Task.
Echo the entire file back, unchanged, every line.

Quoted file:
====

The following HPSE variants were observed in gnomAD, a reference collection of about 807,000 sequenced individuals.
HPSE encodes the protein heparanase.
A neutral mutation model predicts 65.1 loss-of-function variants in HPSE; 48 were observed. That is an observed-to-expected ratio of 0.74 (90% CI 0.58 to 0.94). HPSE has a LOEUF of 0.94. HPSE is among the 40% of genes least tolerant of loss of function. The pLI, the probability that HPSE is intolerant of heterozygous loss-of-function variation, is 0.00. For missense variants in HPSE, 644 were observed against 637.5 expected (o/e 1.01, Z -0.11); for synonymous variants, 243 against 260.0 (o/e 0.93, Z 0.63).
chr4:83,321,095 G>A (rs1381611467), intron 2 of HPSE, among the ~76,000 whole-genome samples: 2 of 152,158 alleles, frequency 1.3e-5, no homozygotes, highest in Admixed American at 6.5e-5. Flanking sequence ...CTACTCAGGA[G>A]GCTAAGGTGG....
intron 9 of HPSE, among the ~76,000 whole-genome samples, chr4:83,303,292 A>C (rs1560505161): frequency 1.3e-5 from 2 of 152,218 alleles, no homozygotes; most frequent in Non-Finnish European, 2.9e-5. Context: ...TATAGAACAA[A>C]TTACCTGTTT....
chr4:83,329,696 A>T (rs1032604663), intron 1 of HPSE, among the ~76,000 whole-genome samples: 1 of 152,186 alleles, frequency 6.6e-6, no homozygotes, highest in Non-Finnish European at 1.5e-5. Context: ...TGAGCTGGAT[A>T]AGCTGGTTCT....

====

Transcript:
The following HPSE variants were observed in gnomAD, a reference collection of about 807,000 sequenced individuals.
HPSE encodes the protein heparanase.
A neutral mutation model predicts 65.1 loss-of-function variants in HPSE; 48 were observed. That is an observed-to-expected ratio of 0.74 (90% CI 0.58 to 0.94). HPSE has a LOEUF of 0.94. HPSE is among the 40% of genes least tolerant of loss of function. The pLI, the probability that HPSE is intolerant of heterozygous loss-of-function variation, is 0.00. For missense variants in HPSE, 644 were observed against 637.5 expected (o/e 1.01, Z -0.11); for synonymous variants, 243 against 260.0 (o/e 0.93, Z 0.63).
chr4:83,321,095 G>A (rs1381611467), intron 2 of HPSE, among the ~76,000 whole-genome samples: 2 of 152,158 alleles, frequency 1.3e-5, no homozygotes, highest in Admixed American at 6.5e-5. Flanking sequence ...CTACTCAGGA[G>A]GCTAAGGTGG....
intron 9 of HPSE, among the ~76,000 whole-genome samples, chr4:83,303,292 A>C (rs1560505161): frequency 1.3e-5 from 2 of 152,218 alleles, no homozygotes; most frequent in Non-Finnish European, 2.9e-5. Context: ...TATAGAACAA[A>C]TTACCTGTTT....
chr4:83,329,696 A>T (rs1032604663), intron 1 of HPSE, among the ~76,000 whole-genome samples: 1 of 152,186 alleles, frequency 6.6e-6, no homozygotes, highest in Non-Finnish European at 1.5e-5. Context: ...TGAGCTGGAT[A>T]AGCTGGTTCT....